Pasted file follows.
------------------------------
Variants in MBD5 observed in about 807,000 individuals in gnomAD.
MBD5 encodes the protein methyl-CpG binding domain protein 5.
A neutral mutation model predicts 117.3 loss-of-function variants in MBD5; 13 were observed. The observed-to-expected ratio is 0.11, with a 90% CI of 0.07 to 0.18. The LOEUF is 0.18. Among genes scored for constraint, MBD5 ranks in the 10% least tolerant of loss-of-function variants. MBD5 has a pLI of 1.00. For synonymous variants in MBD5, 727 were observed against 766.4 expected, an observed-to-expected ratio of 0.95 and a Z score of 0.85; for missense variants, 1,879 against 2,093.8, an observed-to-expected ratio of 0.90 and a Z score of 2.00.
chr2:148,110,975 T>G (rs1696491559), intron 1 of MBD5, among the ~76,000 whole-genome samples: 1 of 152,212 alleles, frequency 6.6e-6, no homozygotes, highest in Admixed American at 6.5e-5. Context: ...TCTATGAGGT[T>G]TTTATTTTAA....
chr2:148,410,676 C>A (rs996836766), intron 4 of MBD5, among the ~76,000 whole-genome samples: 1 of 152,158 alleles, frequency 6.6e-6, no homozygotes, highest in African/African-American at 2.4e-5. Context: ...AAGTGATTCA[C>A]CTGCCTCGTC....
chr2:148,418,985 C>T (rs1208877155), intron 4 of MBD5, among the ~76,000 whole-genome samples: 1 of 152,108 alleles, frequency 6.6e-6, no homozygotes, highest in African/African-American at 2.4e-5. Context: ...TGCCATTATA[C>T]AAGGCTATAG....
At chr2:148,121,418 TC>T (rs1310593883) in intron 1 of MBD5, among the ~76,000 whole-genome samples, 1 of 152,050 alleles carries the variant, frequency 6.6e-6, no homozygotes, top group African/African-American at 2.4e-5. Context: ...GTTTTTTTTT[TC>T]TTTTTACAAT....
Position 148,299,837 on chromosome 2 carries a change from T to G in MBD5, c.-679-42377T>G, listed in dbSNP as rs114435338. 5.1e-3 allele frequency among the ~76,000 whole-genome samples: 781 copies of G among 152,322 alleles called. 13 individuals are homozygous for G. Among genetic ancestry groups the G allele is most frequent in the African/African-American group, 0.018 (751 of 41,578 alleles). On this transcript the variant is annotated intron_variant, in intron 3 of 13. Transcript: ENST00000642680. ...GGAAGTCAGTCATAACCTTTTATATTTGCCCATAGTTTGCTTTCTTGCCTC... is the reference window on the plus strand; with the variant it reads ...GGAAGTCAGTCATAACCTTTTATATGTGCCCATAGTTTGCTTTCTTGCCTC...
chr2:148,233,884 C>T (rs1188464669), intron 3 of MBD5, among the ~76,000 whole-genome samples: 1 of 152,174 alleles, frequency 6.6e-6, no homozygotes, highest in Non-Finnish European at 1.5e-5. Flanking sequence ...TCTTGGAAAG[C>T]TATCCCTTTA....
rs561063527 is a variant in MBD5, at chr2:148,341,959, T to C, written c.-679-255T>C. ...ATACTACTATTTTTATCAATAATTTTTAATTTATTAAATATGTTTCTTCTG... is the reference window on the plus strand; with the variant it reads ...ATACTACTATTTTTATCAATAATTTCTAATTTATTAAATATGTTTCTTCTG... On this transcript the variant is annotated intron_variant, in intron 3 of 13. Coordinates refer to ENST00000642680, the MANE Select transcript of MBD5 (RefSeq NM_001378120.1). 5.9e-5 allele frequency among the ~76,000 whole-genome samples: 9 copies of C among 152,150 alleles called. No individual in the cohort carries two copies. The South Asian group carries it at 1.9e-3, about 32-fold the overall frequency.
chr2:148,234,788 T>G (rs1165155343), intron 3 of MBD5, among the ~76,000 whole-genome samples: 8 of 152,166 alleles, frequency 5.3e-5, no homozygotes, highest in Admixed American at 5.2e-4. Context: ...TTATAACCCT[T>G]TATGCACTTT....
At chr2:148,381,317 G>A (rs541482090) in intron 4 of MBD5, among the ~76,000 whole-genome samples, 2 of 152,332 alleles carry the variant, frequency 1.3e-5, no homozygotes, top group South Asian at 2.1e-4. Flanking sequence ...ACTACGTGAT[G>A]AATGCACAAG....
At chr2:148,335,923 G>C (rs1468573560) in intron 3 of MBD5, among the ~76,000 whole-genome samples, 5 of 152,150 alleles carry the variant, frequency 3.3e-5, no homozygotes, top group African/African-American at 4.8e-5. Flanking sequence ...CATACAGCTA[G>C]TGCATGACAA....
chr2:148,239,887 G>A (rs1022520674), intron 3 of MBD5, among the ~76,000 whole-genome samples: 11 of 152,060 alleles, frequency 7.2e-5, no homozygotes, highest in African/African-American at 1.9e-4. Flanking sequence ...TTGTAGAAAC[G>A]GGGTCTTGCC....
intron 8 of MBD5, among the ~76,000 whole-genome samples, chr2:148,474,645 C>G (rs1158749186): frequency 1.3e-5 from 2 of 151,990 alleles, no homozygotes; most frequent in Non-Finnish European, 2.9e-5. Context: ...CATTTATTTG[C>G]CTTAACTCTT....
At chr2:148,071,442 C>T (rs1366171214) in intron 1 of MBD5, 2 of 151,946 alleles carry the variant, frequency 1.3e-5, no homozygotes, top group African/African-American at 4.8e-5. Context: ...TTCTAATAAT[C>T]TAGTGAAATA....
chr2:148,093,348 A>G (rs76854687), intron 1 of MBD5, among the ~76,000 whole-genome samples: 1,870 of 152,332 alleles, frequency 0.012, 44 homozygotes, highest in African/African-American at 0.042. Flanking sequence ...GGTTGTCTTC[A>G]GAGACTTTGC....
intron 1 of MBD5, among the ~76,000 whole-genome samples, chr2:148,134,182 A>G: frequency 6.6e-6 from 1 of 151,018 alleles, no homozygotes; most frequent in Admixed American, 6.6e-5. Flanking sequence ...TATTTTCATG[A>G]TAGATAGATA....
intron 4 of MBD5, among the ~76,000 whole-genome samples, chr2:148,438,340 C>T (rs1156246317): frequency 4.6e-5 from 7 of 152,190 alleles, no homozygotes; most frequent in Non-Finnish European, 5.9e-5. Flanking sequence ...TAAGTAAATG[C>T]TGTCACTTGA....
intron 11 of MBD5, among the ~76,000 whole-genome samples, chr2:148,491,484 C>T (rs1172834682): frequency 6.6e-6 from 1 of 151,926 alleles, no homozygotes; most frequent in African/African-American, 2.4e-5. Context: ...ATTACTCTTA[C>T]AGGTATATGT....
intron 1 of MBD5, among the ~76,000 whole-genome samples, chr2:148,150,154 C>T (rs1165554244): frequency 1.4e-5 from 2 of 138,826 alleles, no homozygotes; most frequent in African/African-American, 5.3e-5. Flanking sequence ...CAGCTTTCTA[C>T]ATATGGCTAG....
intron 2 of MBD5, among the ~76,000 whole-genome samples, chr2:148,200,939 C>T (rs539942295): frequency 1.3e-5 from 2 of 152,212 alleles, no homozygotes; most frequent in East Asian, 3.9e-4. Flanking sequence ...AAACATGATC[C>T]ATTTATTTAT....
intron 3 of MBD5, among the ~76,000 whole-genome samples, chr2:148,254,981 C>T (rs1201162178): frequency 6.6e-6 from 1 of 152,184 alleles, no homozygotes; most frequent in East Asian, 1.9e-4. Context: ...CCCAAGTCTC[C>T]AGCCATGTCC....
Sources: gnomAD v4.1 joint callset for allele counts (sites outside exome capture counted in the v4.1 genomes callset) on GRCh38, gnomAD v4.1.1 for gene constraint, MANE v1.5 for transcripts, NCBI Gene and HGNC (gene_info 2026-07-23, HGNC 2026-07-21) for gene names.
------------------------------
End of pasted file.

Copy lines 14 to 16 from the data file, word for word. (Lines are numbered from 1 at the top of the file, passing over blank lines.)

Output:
chr2:148,239,887 G>A (rs1022520674), intron 3 of MBD5, among the ~76,000 whole-genome samples: 11 of 152,060 alleles, frequency 7.2e-5, no homozygotes, highest in African/African-American at 1.9e-4. Flanking sequence ...TTGTAGAAAC[G>A]GGGTCTTGCC....
intron 8 of MBD5, among the ~76,000 whole-genome samples, chr2:148,474,645 C>G (rs1158749186): frequency 1.3e-5 from 2 of 151,990 alleles, no homozygotes; most frequent in Non-Finnish European, 2.9e-5. Context: ...CATTTATTTG[C>G]CTTAACTCTT....
At chr2:148,071,442 C>T (rs1366171214) in intron 1 of MBD5, 2 of 151,946 alleles carry the variant, frequency 1.3e-5, no homozygotes, top group African/African-American at 4.8e-5. Context: ...TTCTAATAAT[C>T]TAGTGAAATA....